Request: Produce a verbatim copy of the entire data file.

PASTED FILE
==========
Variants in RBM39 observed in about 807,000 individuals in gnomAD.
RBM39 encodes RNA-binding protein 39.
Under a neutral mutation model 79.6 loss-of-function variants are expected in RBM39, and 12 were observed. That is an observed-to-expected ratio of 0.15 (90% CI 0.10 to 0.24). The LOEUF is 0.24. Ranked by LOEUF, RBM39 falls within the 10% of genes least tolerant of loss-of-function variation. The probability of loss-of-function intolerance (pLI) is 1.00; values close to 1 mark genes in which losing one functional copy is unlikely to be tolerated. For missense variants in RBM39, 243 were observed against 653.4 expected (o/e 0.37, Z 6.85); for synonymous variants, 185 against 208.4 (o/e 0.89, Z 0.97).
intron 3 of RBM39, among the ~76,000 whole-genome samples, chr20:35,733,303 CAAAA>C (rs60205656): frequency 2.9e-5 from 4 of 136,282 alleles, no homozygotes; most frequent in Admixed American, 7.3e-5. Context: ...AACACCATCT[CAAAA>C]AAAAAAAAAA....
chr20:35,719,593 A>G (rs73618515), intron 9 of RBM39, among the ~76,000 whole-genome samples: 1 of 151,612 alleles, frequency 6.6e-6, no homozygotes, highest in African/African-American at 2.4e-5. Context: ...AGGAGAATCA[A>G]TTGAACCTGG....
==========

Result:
Variants in RBM39 observed in about 807,000 individuals in gnomAD.
RBM39 encodes RNA-binding protein 39.
Under a neutral mutation model 79.6 loss-of-function variants are expected in RBM39, and 12 were observed. That is an observed-to-expected ratio of 0.15 (90% CI 0.10 to 0.24). The LOEUF is 0.24. Ranked by LOEUF, RBM39 falls within the 10% of genes least tolerant of loss-of-function variation. The probability of loss-of-function intolerance (pLI) is 1.00; values close to 1 mark genes in which losing one functional copy is unlikely to be tolerated. For missense variants in RBM39, 243 were observed against 653.4 expected (o/e 0.37, Z 6.85); for synonymous variants, 185 against 208.4 (o/e 0.89, Z 0.97).
intron 3 of RBM39, among the ~76,000 whole-genome samples, chr20:35,733,303 CAAAA>C (rs60205656): frequency 2.9e-5 from 4 of 136,282 alleles, no homozygotes; most frequent in Admixed American, 7.3e-5. Context: ...AACACCATCT[CAAAA>C]AAAAAAAAAA....
chr20:35,719,593 A>G (rs73618515), intron 9 of RBM39, among the ~76,000 whole-genome samples: 1 of 151,612 alleles, frequency 6.6e-6, no homozygotes, highest in African/African-American at 2.4e-5. Context: ...AGGAGAATCA[A>G]TTGAACCTGG....